Two patrol ships from the environmental group Sea Shepherd found the vaquita's badly decayed carcass Tuesday, trapped in a gill net in a protected marine reserve in the Gulf of California, in northwestern Mexico, the organization said in a statement.

Environmentalists say the vaquita, the world's smallest porpoise, has been nearly wiped out by such nets, which are used to fish for another species, the also-endangered totoaba fish, which is about the same size.

The totoaba's swim bladder is considered a delicacy in Asia, where it can sell for up to $20,000 on the black market.

"If there were any reservations about totoaba gill nets being a great danger for vaquitas and other cetaceans, despite ample proof in the past, this event should definitely leave no room for doubt," said Sea Shepherd's director of marine operations, Locky Maclean.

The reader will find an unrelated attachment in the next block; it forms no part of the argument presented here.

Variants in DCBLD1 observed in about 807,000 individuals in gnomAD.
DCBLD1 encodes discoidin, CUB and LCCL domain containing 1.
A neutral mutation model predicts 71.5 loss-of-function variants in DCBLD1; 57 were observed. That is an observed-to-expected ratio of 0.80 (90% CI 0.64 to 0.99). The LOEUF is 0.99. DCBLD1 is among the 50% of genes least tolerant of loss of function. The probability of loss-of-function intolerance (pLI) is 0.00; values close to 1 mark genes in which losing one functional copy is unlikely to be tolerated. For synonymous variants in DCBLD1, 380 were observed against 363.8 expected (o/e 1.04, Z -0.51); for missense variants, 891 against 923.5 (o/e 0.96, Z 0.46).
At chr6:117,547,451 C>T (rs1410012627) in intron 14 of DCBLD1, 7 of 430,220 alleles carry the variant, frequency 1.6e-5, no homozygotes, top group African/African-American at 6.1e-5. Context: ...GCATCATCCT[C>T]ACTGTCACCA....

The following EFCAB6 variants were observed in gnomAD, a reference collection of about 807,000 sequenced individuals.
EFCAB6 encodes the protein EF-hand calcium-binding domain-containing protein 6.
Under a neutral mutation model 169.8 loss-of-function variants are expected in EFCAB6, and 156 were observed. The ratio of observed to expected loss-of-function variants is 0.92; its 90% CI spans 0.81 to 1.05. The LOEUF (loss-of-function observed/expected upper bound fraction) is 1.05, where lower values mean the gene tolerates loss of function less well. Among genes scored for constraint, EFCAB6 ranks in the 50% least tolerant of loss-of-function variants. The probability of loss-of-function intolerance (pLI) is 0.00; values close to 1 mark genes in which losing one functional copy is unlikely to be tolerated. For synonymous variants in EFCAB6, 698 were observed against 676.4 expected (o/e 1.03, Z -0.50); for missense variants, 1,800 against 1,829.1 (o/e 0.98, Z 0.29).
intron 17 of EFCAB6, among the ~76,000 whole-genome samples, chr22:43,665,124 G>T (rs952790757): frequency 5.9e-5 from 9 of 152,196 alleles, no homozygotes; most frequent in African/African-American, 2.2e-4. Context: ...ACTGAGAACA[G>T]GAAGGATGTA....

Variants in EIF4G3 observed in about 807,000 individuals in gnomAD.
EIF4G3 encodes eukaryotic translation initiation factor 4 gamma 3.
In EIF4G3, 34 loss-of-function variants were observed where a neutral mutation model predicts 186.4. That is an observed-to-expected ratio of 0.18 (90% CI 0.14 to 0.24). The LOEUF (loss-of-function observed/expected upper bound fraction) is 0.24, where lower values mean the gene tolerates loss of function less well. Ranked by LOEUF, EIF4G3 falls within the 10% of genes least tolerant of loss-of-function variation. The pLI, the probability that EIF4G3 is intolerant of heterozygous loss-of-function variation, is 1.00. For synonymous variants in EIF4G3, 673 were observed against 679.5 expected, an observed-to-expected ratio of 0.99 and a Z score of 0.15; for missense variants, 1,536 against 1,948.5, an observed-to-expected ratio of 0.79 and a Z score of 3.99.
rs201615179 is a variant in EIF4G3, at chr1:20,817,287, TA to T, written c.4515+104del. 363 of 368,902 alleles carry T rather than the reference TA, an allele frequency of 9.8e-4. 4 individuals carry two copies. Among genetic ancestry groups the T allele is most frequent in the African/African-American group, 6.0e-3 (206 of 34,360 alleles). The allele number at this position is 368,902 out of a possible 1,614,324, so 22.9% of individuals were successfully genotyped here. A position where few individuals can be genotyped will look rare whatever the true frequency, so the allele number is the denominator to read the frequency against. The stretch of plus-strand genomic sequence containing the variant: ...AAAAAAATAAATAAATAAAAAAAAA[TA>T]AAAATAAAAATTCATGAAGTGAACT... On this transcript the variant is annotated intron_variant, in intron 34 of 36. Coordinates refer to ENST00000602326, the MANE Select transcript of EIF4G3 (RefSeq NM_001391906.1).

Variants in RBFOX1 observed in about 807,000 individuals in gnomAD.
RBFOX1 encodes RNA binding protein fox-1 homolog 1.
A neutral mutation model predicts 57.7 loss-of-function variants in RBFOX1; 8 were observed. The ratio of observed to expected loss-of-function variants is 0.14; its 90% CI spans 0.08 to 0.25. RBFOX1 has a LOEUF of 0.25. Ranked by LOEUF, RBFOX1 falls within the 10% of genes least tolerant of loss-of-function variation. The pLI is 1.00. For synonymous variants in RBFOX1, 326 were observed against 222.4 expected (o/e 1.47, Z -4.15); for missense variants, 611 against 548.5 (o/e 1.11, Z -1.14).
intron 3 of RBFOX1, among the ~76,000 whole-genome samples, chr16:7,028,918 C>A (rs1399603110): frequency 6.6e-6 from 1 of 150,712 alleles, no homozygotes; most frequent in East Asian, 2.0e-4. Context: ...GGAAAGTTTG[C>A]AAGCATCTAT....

Saving the vaquita from totoaba poachers has become a cause celebre for the likes of Oscar-winning actor Leonardo DiCaprio and Mexican billionaire Carlos Slim.

In 2017, the Mexican government launched a plan to round up all remaining vaquitas with the help of dolphins trained by the US Navy and relocate them to a protected area.

However, the project had to be aborted when one of the first captured vaquitas died.